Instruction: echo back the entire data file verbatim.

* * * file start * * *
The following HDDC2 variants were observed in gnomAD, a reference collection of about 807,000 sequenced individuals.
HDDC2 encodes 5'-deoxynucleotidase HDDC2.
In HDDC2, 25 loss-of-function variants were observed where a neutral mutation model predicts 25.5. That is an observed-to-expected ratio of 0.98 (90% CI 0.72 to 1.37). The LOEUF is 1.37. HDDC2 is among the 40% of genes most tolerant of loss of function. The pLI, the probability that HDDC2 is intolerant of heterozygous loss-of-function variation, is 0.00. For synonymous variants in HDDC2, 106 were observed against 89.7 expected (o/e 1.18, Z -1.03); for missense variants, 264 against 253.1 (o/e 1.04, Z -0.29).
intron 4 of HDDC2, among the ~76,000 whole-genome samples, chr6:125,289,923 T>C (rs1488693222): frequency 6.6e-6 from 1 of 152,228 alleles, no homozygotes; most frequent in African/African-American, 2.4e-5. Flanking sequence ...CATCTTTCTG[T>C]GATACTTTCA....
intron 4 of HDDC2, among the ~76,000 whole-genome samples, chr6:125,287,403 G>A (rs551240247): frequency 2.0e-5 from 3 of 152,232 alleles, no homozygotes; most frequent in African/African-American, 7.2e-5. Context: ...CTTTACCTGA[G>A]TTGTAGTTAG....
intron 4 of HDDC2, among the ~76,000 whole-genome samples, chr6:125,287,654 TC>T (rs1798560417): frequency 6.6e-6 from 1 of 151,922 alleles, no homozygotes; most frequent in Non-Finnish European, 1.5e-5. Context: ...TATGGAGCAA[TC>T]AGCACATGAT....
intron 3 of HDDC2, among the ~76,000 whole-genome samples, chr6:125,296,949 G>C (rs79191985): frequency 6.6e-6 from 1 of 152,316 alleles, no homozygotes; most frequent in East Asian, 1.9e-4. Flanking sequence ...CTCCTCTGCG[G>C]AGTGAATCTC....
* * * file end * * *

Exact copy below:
The following HDDC2 variants were observed in gnomAD, a reference collection of about 807,000 sequenced individuals.
HDDC2 encodes 5'-deoxynucleotidase HDDC2.
In HDDC2, 25 loss-of-function variants were observed where a neutral mutation model predicts 25.5. That is an observed-to-expected ratio of 0.98 (90% CI 0.72 to 1.37). The LOEUF is 1.37. HDDC2 is among the 40% of genes most tolerant of loss of function. The pLI, the probability that HDDC2 is intolerant of heterozygous loss-of-function variation, is 0.00. For synonymous variants in HDDC2, 106 were observed against 89.7 expected (o/e 1.18, Z -1.03); for missense variants, 264 against 253.1 (o/e 1.04, Z -0.29).
intron 4 of HDDC2, among the ~76,000 whole-genome samples, chr6:125,289,923 T>C (rs1488693222): frequency 6.6e-6 from 1 of 152,228 alleles, no homozygotes; most frequent in African/African-American, 2.4e-5. Flanking sequence ...CATCTTTCTG[T>C]GATACTTTCA....
intron 4 of HDDC2, among the ~76,000 whole-genome samples, chr6:125,287,403 G>A (rs551240247): frequency 2.0e-5 from 3 of 152,232 alleles, no homozygotes; most frequent in African/African-American, 7.2e-5. Context: ...CTTTACCTGA[G>A]TTGTAGTTAG....
intron 4 of HDDC2, among the ~76,000 whole-genome samples, chr6:125,287,654 TC>T (rs1798560417): frequency 6.6e-6 from 1 of 151,922 alleles, no homozygotes; most frequent in Non-Finnish European, 1.5e-5. Context: ...TATGGAGCAA[TC>T]AGCACATGAT....
intron 3 of HDDC2, among the ~76,000 whole-genome samples, chr6:125,296,949 G>C (rs79191985): frequency 6.6e-6 from 1 of 152,316 alleles, no homozygotes; most frequent in East Asian, 1.9e-4. Flanking sequence ...CTCCTCTGCG[G>C]AGTGAATCTC....